And what of the Labour Party? Their annual report for 1907 illustrated the prevailing attitude: '...during the coming year, we hope to...educate more and more of those workers to abandon old prejudices, to forget side issues and ancient shibboleths and to turn their faces to the sun in the full realisation that the only freedom they can hope to win must come from their own ranks...etc, etc.'
A plague on all your houses. The Protestant working class was Tory dominated and bible-ridden; the Catholic working class was priest-ridden; and the mass of casually employed were, in any case, beyond redemption. Religious affiliation was seen as just another obstade to be overcome, so there was no understanding of the crucial role ethnicity played in determining life-chances. It was all viewed as a morass— structural discrimination was not a problem. It was hardly surprising that in the vicious sectarian riots in 1909, the Catholic/Irish looked to the INP for support. The Labour Party had studiously avoided any statement on the events of that summer. And when discrimination could no longer be set aside, the Labour Party rejoiced in sheer opportunism. In Kirkdale division the January 1910 election saw a Catholic, MacLean, nominated for the Labour Party; only for A.G. Cameron ('there-is-no stronger-Protestant-than-me') to take over in December. Both candidates were defeated. The Labour Party was ill-prepared to forge a strategy that could show the possibilities of socialist organisation for the Liverpool workers. Bodies had to be got onto benches, either in Dale Street or Westminster, preferably both. How they were to be placed there didn't matter.
In the years immediately following the outbreak of peace, how did the political parties cope with realignment? the military were again on the streets of Liverpool during the police strike. The railwaymen and the engineers were all involved in local and national disputes. And in 1921, 26 counties were granted united independence. In that same year the Liverpool Archdiocese welcomed Keating to the bishopric and the hierarchy adopted the Nationalist Party to combat 'divorce, interference in Catholic schools and the Revolution'. 11 The Church became overtly involved with politics again. And the IN? responded to one challenge—what solution is there for the unemployed in the post-war slump? Harford suggested his remedies:
'That a committee be established composed of the leaders of the different political parties in the city, representatives from the Dock Board, shipping and railway companies and other branches of industry and the Catholic and Anglican bishops... to scour every possible avenue with the object of finding work of every description for the unemployed...'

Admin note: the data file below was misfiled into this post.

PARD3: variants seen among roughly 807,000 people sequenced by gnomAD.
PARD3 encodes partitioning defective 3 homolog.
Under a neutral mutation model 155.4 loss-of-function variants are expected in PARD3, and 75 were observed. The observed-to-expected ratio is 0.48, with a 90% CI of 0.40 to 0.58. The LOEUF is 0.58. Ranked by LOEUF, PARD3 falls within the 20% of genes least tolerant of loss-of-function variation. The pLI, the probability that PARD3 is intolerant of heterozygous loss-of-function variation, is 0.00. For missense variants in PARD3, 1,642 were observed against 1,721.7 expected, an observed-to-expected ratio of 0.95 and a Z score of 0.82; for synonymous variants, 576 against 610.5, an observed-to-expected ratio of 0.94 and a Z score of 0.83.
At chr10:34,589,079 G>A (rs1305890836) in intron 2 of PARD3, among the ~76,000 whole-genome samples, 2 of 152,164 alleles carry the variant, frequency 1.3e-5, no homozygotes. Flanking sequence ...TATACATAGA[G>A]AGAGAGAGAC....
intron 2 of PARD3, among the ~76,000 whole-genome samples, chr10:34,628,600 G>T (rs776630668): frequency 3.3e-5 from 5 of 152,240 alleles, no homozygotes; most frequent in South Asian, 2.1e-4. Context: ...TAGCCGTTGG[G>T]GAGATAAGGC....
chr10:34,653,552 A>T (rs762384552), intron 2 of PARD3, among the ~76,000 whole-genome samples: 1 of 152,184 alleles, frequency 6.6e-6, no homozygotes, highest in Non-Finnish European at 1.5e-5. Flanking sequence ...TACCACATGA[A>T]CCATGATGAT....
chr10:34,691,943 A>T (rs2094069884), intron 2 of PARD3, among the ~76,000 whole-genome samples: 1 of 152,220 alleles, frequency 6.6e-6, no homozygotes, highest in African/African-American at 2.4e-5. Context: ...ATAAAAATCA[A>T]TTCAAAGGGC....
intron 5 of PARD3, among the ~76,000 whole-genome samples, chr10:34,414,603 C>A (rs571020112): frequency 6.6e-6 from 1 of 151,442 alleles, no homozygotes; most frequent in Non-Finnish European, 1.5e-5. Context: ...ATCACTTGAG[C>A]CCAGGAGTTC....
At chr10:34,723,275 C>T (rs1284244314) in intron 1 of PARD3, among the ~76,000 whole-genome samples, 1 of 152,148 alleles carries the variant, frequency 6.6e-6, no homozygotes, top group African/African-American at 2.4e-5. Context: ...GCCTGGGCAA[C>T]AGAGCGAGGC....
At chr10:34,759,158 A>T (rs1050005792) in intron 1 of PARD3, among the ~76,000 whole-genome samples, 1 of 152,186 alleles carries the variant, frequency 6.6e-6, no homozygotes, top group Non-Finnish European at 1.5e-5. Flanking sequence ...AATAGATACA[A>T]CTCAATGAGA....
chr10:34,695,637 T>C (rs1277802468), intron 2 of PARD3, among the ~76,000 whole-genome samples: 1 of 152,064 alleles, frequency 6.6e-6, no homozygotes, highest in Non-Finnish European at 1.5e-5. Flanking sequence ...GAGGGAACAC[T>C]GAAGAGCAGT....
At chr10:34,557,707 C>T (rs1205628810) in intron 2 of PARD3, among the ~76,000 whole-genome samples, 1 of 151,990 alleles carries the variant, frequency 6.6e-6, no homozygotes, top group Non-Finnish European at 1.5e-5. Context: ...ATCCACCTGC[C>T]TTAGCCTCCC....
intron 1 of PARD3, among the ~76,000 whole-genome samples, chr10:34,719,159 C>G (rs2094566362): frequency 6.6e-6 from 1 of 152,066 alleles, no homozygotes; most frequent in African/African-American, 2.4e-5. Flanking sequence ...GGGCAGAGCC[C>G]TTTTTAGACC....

Harford, 'honestly believed that a committee of that kind could in three to four weeks save hundreds from drifting into starvation'. No mention of trade-union delegates now. One could be forgiven for thinking that this pre-dated forms of Catholic corporatism that were to become rife in other parts of Europe later in the decade. If this prescription failed, then the INP would support task-work for the unemployed as they had done in 1921, in response to the unemployed agitation.
In May 1920, soon after the successful dockers' strike, South Scotland ward LP made representations to stand their own candidate in the forthcoming November elections. 12 The Labour Party had never contested the INP strongholds. It was a sharp election, with Davie Logan carrying the Nationalist banner and Harry Gaslin campaigning for Labour. Logan's adverts in the Catholic Herald capture the prevailing atmosphere:
'Catholic and Irish electors!
The man for you is Logan; a trade union secretary who understands and sympathises with labour!
If, in the fight to secure for your children Catholic schools with Catholic Teachers under Catholic Managers, you want a fearless and unflinching champion, VOTE FOR LOGAN!' 13
Out of just under 5,000 votes cast, Logan won by just 400. The Catholic Herald editorialised: 'The foolish and gratuitous invasion made by the Labour Party on the Nationalist stronghold met, as was anticipated and as it deserved, with unmistakeable defeat. The Labour Party had neither the right nor justification for forcing themselves into a contest of this sort...' 14
One could be forgiven for thinking that Gaslin announced himself as a Bolshevik, out to burn the churches and introduce free love. In Fact, his candidature was under the banner of 'Catholic Labour', and it is not surprising that it was in that order!
The following year, Labour, with the issue of the Treaty presumably making it extremely undiplomatic to do so, even under its Catholic patronym, did not contest the Irish wards. 1922 saw the rub. The Labour Party agreed to nominate three candidates in the Scotland division. E. Campbell, the organising LP secretary in the constituency, explained why:
'We are justified in contesting these seats on the grounds that the Irish question has now been settled. These men are all Catholic Labour men and will suitably represent the workers of Liverpool... All the Catholic Labour candidates are receiving the support of the T&GWU'. 15
But it wasn't quite so easy. The LP EC met on 13 October to ratify the nominations.
Ald Billy Robinson, the leader of the LP group on council, summed up the case: 'He said the EC had to make up their minds on a question which would have far-reaching effects on Labour's position in Liverpool. The opinion was that we could not prevent these men running, even though it might affect us adversely at the moment'. 16